Historic European Artifacts
The Europeans who lived in North Carolina from the 1500s through 1800s brought or made tools to serve many of the same functions as the tools and equipment we have in our homes and businesses today. They had kitchen tools, farming tools, personal items, clothing items, games, carriages and wagons, furniture, firearms, lamps, books, bottles, and hundreds of other manufactured and hand-made consumer goods.
Like the tools and artifacts made by precontact Native Americans, archaeologists describe European-American artifacts by classes or groups that reflect how we think they were used in the past. Some tools/artifacts have changed very little since their invention and can be easily identified and their role in people’s lives easily interpreted – think about buttons, coins, bottles, cups, plates, hoes, axes, pins, and pipes. Other artifacts are more difficult to identify and interpret because we do not use these kinds of items today, or because archaeologists find only small pieces of the original objects.
Archaeologist Stanley South developed a system for organizing historic period artifacts using eight functional groups. Using his system, archaeologists sort artifacts from a site into each group and then count them by group. These counts by group can be compared to similar data generated from other sites. South hoped this research method would help archaeologists interpret the role the objects played in the everyday life of the people who owned and used them. The functional groups remain a good way to organize artifacts recovered from sites occupied between 1650 and 1900 by Europeans, European Americans, African Americans, and Native Americans.
The functional groups include Kitchen artifacts, Architectural artifacts, Furniture related artifacts, Arms and Ammunition, Clothing related artifacts, Personal artifacts, Tobacco related artifacts, and Activities related items.
Kitchen artifacts are fragments of dishes, cutlery, and bottle glass. They tell us about the household goods people owned. By looking at the types of dishes – bowls, plates, cups – and the cooking pots and utensils, we can learn about the access people had to manufactured goods, their economic and social status, the kinds of foods they ate, how they cooked food, how they stored food, even their taste in dish patterns and colors.
Architectural artifacts include nails, window glass, roofing slate, shutter hooks, door latches, keys, bricks, paving stone, and plaster. These kinds of artifacts give us information about how homes were constructed, the dimensions of buildings, the quality of interior fittings, and how a building was used.
Furniture artifacts are rare on archeological sites because people carried off useful and valuable pieces. Most furniture is made from wood so it does not survive in the ground. When we find objects related to furniture they are usually the metal parts as small nails, tacks, and hinges used in the construction of the object or functional and decorative pieces such as drawer knobs, lock plates, and escutcheons.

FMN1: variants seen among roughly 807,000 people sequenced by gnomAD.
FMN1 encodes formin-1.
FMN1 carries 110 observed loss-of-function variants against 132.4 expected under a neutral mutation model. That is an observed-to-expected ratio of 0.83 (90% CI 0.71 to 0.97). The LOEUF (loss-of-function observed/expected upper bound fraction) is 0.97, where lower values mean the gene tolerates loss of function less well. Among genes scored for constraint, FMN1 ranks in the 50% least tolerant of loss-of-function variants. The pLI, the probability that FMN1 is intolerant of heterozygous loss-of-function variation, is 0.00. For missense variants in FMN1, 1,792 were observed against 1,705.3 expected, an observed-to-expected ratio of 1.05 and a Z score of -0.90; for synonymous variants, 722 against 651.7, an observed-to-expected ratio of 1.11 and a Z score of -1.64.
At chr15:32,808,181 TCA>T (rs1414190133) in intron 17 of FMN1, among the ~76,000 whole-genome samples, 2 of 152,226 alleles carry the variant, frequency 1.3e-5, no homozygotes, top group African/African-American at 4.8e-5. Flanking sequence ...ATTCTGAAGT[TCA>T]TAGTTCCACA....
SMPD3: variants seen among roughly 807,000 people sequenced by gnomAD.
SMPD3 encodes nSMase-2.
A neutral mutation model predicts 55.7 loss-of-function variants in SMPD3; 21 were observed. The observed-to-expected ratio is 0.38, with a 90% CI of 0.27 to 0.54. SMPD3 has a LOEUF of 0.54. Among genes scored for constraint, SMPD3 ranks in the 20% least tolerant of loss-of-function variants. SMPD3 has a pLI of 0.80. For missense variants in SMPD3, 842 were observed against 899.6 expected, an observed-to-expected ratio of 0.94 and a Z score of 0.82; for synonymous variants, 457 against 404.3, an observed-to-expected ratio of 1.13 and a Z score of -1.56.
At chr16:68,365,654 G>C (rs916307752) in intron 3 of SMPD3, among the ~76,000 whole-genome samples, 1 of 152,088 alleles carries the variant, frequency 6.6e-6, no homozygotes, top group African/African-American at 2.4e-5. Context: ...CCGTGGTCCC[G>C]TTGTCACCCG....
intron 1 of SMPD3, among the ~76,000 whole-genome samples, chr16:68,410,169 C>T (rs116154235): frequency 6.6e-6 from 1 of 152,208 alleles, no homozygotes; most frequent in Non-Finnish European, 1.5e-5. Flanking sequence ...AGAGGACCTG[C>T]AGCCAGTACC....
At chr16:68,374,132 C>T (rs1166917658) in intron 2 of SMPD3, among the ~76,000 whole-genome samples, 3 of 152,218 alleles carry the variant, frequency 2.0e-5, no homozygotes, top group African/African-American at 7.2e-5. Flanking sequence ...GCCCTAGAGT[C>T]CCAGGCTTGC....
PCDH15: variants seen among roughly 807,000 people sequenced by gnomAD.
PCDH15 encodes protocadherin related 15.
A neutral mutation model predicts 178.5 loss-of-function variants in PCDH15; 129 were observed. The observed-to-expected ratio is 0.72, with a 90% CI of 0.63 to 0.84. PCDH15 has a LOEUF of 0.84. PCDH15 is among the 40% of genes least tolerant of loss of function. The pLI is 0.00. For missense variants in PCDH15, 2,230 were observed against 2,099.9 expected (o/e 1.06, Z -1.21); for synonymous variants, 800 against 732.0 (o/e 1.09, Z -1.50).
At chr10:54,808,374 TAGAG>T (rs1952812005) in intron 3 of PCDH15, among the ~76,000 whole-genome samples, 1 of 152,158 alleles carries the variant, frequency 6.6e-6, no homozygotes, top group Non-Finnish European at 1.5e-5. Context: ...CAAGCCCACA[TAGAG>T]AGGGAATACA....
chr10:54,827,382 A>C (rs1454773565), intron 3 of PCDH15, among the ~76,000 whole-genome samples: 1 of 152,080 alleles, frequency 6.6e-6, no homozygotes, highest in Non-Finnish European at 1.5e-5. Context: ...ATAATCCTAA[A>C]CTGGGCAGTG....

Arms and Ammunition artifacts include bullets, shot, percussions caps, gun flints, and gun parts. All of these kinds of artifacts are quite common on historic sites since people often hunted to supplement the protein they got from farming animals.
Clothing artifacts include objects attached to clothing or used to make clothing. So artifacts such as buttons, buckles, beads, needles, pins, scissors, thimbles, snaps, rivets, fasteners, zippers, tuxedo studs, parts of umbrellas, hooks, and shoe parts all fall into this category.
Personal artifacts give us a glimpse into the more intimate aspects of people’s lives. Jewelry can express people’s individual tastes and desires. Toys and tobacco pipes represent moments of leisure time when people relax and enjoy family. Personal artifacts can include musical instruments, pocket knives, marbles, dolls, brooches, rings, keys, watch parts, snuff boxes, hair combs, razors, and tooth brushes.
Tobacco artifacts are limited primarily to pipes and pipe stems. Kaolin pipe stems and decorative pipe bowl fragments from pipes manufactured in Great Britain are very common on Colonial and antebellum sites from Florida to Maine.
Tools and Equipment artifacts is a huge category that includes a wide variety of tools. It includes farm implements like hoes, plows, shovels, saws, axes, harness parts, chains, transportation related objects like car part, buggy and carriage parts, hunting related objects such as fishing hooks and traps, turpentine industry related objects such as draw knives and turpentine cups. These artifacts tell archaeologists a lot about the activities that happened at a site.